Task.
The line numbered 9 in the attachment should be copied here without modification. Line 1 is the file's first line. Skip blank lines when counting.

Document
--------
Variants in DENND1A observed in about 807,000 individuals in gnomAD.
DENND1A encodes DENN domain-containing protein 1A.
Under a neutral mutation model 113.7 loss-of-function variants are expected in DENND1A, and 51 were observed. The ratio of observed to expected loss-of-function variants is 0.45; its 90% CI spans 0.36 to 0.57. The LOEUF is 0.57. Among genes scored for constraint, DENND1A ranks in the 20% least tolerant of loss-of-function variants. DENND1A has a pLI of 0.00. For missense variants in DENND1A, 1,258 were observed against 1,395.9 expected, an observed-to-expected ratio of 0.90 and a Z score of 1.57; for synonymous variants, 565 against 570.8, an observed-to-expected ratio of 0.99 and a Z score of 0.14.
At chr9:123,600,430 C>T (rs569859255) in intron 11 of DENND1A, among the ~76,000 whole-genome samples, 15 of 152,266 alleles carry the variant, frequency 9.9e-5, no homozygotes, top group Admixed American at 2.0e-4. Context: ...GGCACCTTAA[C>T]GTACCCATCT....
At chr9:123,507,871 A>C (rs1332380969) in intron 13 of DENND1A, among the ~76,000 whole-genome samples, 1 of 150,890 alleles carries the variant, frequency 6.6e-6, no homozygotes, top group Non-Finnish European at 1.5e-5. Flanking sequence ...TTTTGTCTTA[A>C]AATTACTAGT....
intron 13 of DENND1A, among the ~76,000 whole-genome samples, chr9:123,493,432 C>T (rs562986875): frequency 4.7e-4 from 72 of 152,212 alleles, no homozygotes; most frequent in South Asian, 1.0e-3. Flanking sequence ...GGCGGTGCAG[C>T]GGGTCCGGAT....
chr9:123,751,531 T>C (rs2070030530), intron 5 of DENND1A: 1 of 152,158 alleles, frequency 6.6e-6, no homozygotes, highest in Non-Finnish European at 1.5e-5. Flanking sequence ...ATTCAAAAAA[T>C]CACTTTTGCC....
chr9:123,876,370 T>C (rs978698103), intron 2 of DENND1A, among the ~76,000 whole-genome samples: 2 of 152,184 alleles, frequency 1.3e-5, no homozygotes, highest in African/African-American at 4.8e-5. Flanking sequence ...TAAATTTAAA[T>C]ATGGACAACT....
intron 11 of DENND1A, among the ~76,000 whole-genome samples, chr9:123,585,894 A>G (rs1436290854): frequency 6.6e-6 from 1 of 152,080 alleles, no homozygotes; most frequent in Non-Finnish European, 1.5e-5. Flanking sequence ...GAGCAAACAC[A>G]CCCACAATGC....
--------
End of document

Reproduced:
intron 11 of DENND1A, among the ~76,000 whole-genome samples, chr9:123,585,894 A>G (rs1436290854): frequency 6.6e-6 from 1 of 152,080 alleles, no homozygotes; most frequent in Non-Finnish European, 1.5e-5. Flanking sequence ...GAGCAAACAC[A>G]CCCACAATGC....